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As usual, the holidays provided a multifaceted education – I came to the conclusion that no one over the age of 25 should take vodka shooters, for example, and that trying to park at a major mall on Boxing Day is a bad plan. And there were plenty of winter driving revelations: in the course of a two-hour trip, I saw four cars go off the road.

This inspired me to come up with an idiot's guide to winter driving – think of it as collective wisdom, but in reverse. Here are some sure-fire ways to put your car in the ditch when the snow falls:

Stick with your regular tires: Virtually every car on the market comes with all-season tires – and winter is a season, isn't it? Sure, all the experts say that winter tires are designed with special rubber compounds that stay soft at low temperatures. And yes, they have specially-moulded grooves that improve traction so you can brake, steer and accelerate better. Never mind all that. If you want to hit the ditch, stick with the all-seasons. Or your summer tires. And while you're at it, you should probably increase your life insurance coverage. Your beneficiaries will thank you.

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Don't bother cleaning snow off your roof: Smart drivers sweep the snow off every surface of their car. The lights need to be clear, and snow on the roof can slide down over the windshield when you stop, acting as a giant vehicular blindfold. If you're looking to crash, just clear a hole big enough to see through and hit the road. See you at the body shop. Or the hospital.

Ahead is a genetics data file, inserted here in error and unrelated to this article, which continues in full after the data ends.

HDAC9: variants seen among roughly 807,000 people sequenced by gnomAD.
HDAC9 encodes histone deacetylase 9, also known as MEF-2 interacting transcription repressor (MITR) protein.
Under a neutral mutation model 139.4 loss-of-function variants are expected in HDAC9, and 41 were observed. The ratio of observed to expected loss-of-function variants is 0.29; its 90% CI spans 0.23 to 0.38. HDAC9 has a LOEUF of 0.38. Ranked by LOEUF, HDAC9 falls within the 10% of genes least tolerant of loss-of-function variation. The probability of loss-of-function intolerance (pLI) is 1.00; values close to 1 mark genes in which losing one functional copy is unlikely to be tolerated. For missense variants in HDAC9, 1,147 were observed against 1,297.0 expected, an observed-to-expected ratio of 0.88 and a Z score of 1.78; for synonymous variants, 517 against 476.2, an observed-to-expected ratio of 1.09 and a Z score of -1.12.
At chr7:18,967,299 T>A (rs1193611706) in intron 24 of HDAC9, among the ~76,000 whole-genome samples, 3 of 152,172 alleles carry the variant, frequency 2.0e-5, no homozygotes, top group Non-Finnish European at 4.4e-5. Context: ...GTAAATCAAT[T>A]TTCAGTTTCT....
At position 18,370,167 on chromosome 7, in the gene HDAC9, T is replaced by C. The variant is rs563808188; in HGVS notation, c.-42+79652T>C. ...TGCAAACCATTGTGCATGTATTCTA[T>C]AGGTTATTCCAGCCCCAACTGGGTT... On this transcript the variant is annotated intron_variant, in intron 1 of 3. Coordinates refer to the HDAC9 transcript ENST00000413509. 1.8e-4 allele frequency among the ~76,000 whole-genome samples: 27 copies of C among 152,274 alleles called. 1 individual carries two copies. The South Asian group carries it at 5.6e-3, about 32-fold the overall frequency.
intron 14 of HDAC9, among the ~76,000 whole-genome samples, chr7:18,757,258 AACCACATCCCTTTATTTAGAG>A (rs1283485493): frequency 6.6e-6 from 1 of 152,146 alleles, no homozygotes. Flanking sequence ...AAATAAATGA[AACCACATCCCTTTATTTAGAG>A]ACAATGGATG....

Pass the plow: What could be more frustrating than driving behind a plow or salt truck that's clearing the road ahead of you to improve traction and make your drive safer? Go ahead, pass it. You are a fearless pioneer, and you will blaze your own trail – to the ditch.

Tailgate: Snow and ice can triple your stopping distance. But if you want to crash, get close to the vehicle ahead of you. Congratulations – you have just increased your chances of crashing by several hundred per cent! And this will be a two-for-one: you'll take out your car, and the one you're tailgating. It might even turn into a mass collision.

Play with the toys: Since traction may be limited, safe winter driving demands that you keep your eyes on the road. But who wants to spend hours at a time staring through a windshield? Why not liven things up by searching for new radio stations, or playing with your cellphone? When you look up again, you may be in a skid, headed for a rear-ender, or in the ditch. At least you won't be bored.

Slam on the brakes and jerk the wheel: When the road is slippery, smooth, moderate control inputs are critical. But if you want to hit the ditch, you've got to really throw yourself into the braking and steering – when you jerk the wheel or hammer the brakes, your tires' contact patches will lose traction, and you will be at the mercy of physics. Good thing you have those airbags. You may be using them.

Keep your old car: Newer-model cars have advanced stability control systems and multichannel anti-lock brakes that help you stop shorter and stay in control. Where's the fun in that?

Pass on winter driving school: Experts can teach you a lot about staying safe in low-traction conditions. You could learn about threshold braking, steering technique, and how to get out of a skid. So if you want to hit the ditch, pass on school.

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